I hope everyone enjoyed Thanksgiving with family and friends as much as we did. Both Spencer and Dane came home for the holiday and we are especially happy to be together now that we all live so far apart. Gratitude runs deep in this family with so much to be thankful for. All of the kids had birthdays in the past three weeks: Spencer is officially an adult at age 18, Ruby is now a teen at age 13 and Dane turned 28. Pictured are Spencer and Ruby on Spencer's 18th birthday.
We drove up to USC to see Spencer for his birthday, so I thought I would provide a portrait of Spencer as a college student.
Dorm: Spencer has a ground floor dorm room to himself, with extra space for equipment and an extra bed in the event he needs some assistance. His room has internet and cable, so he has both computer and television available. Outside the room is an accessible bathroom with a roll in shower. Spencer has a laundry service for clean clothes. Three other young men share the same suite in the event he needs something. It is working well for Spencer and he is largely living independently. Those who have followed Spencer's story since the beginning can appreciate the accomplishment.
Academics: Spencer has declared Chemical Engineering as his major, an academically rigorous pursuit. He is currently taking 18.0 units and he will complete his first semester three weeks from now. Spencer does well in his classes and he excels at math and science, so his major is in the right area. Student notetakers provide Spencer with notes from his classes through Disability Services. Spencer then writes his exams. Thus far, his biggest opportunity for improvement is writing term papers. Spencer types with one finger, so lengthy assignments are a challenge. He is planning on again trying voice recognition software, which he tried in the past without good results. Reportedly the software has improved, so it is worth another try.
Rehabilitation: Spencer is fortunate that for the first year ever the Swim With Mike (SWM) program arranged for rehabilitation training at a gym on campus. This saves Spencer and other SWM scholarship recipients a huge amount of time that they would typically spend leaving campus and driving to a rehab facility. His trainers are experienced in spinal cord injury rehabilitation, which is great. The equipment presents limited gait training opportunities, but hopefully as the program grows the gym will allow more specialized equipment. His rehab costs are less than with Project Walk, running $1200 to $1400 a month as opposed to $2000, but that is partly because he simply doesn't have as many hours. Spencer does not currently have any hand therapy available, which is a concern because he already has limited hand mobility and he must stretch and strengthen his hands to reduce pain and maximize dexterity.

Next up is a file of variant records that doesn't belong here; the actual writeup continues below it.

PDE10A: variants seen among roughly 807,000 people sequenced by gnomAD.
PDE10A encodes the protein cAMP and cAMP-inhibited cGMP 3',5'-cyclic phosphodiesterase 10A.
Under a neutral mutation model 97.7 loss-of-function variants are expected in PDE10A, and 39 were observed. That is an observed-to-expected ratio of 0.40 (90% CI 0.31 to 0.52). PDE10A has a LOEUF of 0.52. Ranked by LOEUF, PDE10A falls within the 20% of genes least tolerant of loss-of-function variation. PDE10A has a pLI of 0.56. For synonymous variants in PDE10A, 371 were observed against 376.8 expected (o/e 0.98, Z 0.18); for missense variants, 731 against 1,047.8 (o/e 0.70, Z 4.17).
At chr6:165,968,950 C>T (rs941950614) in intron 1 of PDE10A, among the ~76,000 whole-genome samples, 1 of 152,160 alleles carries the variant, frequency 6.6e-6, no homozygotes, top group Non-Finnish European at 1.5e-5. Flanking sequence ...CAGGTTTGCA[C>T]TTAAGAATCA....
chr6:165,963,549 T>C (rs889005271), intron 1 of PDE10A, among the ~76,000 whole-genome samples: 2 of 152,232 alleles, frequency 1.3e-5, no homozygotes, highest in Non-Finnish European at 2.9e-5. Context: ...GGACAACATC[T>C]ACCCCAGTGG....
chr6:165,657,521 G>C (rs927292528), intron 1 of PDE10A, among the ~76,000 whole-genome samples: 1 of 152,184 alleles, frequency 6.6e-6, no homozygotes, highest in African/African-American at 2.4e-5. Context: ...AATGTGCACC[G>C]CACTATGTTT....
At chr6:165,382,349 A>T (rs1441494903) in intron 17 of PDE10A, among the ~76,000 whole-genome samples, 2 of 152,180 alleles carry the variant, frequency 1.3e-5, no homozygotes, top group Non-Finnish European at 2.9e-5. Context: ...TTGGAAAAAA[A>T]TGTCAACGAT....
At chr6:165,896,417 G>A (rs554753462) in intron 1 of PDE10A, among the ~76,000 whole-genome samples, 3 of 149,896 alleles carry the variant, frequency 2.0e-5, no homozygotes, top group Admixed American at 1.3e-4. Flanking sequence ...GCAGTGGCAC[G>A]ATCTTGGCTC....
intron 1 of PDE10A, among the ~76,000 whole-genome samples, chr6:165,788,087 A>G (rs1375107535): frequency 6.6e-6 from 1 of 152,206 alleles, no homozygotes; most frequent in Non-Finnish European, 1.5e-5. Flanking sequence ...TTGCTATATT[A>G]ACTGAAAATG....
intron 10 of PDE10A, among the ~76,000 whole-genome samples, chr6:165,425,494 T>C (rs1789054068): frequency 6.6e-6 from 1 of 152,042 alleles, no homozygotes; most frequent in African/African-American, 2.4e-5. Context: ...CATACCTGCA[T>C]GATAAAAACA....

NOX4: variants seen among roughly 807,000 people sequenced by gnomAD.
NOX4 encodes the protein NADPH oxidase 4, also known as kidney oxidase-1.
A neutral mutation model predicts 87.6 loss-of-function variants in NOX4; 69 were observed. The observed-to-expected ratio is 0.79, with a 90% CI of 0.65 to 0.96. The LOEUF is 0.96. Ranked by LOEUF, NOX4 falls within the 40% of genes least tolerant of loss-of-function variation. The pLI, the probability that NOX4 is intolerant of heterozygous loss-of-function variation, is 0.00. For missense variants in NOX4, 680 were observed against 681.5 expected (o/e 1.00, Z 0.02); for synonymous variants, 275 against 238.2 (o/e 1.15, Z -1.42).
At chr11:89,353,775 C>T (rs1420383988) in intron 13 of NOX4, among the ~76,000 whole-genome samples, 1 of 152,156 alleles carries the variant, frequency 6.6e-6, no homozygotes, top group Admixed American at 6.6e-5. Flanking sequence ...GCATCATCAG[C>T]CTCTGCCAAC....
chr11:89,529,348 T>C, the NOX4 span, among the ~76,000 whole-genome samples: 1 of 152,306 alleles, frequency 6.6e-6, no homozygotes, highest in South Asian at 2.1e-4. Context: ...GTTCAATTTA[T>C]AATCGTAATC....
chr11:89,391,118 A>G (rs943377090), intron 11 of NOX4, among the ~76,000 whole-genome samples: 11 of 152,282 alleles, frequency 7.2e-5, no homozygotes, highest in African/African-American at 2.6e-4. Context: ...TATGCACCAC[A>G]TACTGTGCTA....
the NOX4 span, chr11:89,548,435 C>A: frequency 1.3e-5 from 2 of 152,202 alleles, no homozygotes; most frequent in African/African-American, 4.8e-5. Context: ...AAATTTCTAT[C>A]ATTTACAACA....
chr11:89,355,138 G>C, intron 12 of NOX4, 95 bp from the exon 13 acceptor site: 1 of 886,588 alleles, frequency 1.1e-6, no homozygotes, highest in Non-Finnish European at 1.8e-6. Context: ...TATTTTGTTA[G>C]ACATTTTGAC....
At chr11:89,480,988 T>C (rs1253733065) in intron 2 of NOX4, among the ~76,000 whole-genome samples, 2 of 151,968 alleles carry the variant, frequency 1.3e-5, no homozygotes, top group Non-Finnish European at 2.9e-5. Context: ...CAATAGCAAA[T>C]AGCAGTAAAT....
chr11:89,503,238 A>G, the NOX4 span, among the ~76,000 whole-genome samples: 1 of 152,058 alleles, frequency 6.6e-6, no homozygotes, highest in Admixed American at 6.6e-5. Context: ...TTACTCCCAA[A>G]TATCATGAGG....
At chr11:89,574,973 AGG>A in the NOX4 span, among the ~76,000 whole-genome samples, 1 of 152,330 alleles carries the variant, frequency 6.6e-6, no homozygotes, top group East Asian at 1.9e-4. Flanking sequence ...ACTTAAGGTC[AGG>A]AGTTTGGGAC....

Mobility: Fortunately, USC is a very flat school, making it a great college for Spencer. He uses his wheelchair to get around the campus, but it is probably not the best solution. Once Spencer ventures out for a day of classes in his wheelchair, he stays in his chair, which is not optimal, as he would prefer to use his chair over long distances and walk short distances. Wheelchairs can be very hard on the shoulders. Because Spencer has a choice, it would be great if he could minimize repetitive use of his shoulders and maximize short distance walking. Ideally he would have a motorized device to get from building to building and then walk into each classroom. Spencer tried an electric scooter, but it was not stable enough for him to use safely. We are continuing to explore options and new mobility devices are coming on the market all the time, ranging from Seqway type scooters to powered devices that hook on to the front of his wheelchair. Likewise, the options range in price and insurance does not cover most of them. Meanwhile, for long distances Spencer does have his car at school with him, which allows the freedom to get things he needs off campus.
In sum, I never cease to marvel at the miracle of Spencer's story. I remember daily the grim prognosis and I think about what could have been, yet here he is on the front end of a great education and on the path to living totally independently. What magic recipe created this feast for which we are so grateful? Spencer gets the credit for tenacity and effort, but it wouldn't have happened without all of you. Thank you. Again.
December 2 is Giving Tuesday
. Giving Tuesday is part of a nationwide effort to dedicate a day to giving. It is a day to highlight philanthropic efforts and charities big and small. It is a day to emphasize helping your community. HelpHOPELive will be waiving the credit card fees on all on-line donations for Giving Tuesday. For those interested and able, please consider supporting Spencer's medical equipment and rehabilitation costs through a tax deductible donation to HelpHOPELive in honor of Spencer Fox: https://m.helphopelive.org/campaign/1248